Peace in Christ (or should I say Trinity),
Thanks for the comments. As I implied, if someone comes to the true Christ, then it’s impossible to overemphasize Him, since in Him dwells the fulness of the Godhead bodily. But it seems frequently that the person Jesus is divorced from His deity, including being divorced from the Father and the Spirit, and no, I don’t think I’m giving anyone too much credit. I think it’s possible for anyone to slip into very sophisticated heresies without knowing the name or history of those heresies.
“The gist of the charge I will grant you all day long: Humanities rebellion and denial of the Trinity as the Creator and the Authority.”
Thanks. That’s pretty much all I was saying.
Thanks for the link, Matt.
Let me clarify, for those taking issue with my post, that I believe that we Christians do have a personal relationship with Jesus Christ, the Second Person of the Trinity. My concerns are that we tend to focus so much so on that aspect of the Christian life, that we come away with a misunderstanding of the Godhead. There are three Persons that make up the Trinity – the one true God. Do we, evangelicals, preach a personal relationship with God the Father? God the Holy Spirit? If this personal relationship with Jesus is so important, then why are New Testament prayers typically addressed to God the Father? I remember, years ago, hearing a Christian singer, who is Catholic, remind evangelicals that it “wasn’t just Jesus,” but that there was God the Father and the Holy Spirit as well.
While we certainly cannot divorce ourselves from our feelings, we must always be aware of the fact that we serve God with our minds also. Worship songs that feed off of the emotions of personal experience should be tempered with a good foundation of rational theology. Is it not reasonable to conclude that, if we are to properly worship God from the depths of our soul, we should strive to know who it is we are worshipping?
Perhaps we’ve been lured a bit too far down an emotionally based experiential path, and a good dose of theological training is in order… or else we might just become Unitarian Jesusites?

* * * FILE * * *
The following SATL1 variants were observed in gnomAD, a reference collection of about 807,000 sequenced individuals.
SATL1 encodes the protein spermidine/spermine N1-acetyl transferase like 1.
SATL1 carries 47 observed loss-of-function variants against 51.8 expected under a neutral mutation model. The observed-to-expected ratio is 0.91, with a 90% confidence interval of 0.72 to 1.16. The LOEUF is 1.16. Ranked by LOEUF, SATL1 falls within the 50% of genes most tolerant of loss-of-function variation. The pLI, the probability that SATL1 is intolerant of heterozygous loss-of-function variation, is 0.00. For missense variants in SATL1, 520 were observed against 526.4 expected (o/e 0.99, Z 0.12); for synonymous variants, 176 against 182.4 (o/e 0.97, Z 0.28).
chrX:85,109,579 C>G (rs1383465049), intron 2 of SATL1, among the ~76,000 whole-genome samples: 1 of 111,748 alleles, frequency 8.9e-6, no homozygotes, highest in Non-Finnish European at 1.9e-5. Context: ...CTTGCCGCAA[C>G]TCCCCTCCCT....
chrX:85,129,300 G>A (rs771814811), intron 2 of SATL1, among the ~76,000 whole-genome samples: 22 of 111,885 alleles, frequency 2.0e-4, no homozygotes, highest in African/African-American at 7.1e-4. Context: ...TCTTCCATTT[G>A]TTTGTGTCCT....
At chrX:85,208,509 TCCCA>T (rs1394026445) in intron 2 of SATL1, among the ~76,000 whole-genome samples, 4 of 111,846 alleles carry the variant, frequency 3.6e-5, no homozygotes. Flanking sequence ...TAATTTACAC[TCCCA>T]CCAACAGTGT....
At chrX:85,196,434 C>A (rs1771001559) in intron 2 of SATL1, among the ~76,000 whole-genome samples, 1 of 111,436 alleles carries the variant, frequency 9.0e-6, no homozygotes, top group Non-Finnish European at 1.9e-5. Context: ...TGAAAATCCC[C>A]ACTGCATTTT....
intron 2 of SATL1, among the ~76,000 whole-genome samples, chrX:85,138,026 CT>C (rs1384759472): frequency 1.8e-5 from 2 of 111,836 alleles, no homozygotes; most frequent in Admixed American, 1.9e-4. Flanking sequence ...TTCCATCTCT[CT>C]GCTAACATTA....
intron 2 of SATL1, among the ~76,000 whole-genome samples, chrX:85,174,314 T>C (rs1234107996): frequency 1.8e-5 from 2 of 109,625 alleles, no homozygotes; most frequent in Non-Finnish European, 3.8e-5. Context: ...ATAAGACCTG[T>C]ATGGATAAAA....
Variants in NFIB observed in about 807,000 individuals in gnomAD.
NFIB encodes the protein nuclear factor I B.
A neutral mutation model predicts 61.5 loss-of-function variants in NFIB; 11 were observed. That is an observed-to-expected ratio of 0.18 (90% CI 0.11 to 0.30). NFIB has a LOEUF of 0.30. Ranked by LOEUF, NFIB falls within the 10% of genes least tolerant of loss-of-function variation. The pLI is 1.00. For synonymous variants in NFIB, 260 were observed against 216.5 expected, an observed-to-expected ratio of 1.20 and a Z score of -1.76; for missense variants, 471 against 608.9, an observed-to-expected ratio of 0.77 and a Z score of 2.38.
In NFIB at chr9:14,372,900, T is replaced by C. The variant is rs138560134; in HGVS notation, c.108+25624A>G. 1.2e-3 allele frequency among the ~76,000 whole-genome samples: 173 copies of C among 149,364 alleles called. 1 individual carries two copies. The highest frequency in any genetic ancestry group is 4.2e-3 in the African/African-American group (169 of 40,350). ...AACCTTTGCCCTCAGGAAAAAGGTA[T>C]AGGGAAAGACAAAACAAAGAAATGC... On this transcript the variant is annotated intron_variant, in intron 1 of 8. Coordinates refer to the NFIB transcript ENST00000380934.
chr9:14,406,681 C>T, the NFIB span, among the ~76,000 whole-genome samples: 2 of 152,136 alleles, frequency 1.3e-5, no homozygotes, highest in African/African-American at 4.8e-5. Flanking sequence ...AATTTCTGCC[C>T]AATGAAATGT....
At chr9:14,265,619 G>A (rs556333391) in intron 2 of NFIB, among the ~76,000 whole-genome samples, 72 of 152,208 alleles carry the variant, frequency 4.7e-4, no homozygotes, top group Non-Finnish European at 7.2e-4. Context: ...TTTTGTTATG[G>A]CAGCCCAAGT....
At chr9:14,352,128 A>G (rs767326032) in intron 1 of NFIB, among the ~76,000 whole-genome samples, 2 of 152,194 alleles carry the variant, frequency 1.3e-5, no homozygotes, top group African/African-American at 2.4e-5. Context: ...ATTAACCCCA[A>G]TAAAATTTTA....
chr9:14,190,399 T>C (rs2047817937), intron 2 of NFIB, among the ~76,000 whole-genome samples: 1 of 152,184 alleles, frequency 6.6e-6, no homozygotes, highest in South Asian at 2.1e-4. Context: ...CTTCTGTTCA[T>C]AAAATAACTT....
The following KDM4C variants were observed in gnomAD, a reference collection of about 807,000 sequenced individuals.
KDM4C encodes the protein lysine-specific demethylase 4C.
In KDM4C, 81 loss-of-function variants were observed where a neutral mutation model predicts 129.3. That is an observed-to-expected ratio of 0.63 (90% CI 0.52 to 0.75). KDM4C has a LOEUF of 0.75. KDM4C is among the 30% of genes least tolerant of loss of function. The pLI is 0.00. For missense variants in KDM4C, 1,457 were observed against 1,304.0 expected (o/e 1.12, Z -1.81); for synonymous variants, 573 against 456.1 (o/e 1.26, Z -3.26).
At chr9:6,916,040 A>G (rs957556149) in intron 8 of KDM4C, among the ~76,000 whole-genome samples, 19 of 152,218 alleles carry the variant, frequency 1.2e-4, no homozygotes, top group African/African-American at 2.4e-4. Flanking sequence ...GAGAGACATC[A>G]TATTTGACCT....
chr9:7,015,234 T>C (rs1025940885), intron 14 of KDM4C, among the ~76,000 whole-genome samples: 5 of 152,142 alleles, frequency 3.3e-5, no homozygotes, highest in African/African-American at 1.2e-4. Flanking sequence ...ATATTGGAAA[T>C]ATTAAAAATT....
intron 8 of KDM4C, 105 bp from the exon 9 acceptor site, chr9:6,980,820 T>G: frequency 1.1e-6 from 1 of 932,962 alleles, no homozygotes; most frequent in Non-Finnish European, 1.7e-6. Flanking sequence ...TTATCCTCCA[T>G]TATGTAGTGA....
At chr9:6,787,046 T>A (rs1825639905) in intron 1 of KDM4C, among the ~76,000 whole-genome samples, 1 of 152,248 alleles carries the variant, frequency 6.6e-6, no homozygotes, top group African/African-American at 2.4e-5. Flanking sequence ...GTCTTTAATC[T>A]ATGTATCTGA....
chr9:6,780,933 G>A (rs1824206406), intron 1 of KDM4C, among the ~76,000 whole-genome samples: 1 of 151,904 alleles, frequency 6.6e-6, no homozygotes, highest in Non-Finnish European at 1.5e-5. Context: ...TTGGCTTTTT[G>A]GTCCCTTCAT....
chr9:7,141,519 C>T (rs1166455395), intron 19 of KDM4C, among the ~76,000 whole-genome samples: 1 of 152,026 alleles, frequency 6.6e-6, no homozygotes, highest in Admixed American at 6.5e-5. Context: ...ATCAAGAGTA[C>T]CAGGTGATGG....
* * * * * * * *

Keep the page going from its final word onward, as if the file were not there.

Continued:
I appreciate you post. I think Matt helped clarify the gist of your concerns. My point, simply, is that if a person has a relationship with Jesus Christ, then he has a relationship with the Trinity. That of course is by God’s grace realized through the God given gift of faith. I think your concern taken much farther ends up being just as tenuous as the point of contention. The finite cannot contain the infinite. Let us remember that by worshipping Jesus Christ, in spirit and truth, we worship the Godhead. If we were to give an explicit place in worship to the Holy Spirit (and ingnore the complete Trinity) a la Benny Hinn, then we do something that goes against the very task of the Holy Spirit, which is to point the sinner to Jesus and apply His work to the sinners heart and thus bring order out of chaos. And as for emotionalism, we cannot divide ourselves; orthodoxy must lead to orthopraxy and doxology. I’m not sure I know what you mean by “rational theology.” If you mean we must hear from God by His Special Revelation and then by the work of the Holy Spirit we respond to the Trinity in worship, ok. Worship must be dialogical and must begin with God speaking. And when God speaks to a man, woman, or child, let’s face it that is an experience (e.g. Abraham, Moses, Paul…..)
Peace in Christ,
p.s. God bless all the men and woman who serve in harms way for our great nation!
p.s.s. Let us remember that the freedom we enjoy as Americans as well as the greater freedom we enjoy as Christians was secured through warfare.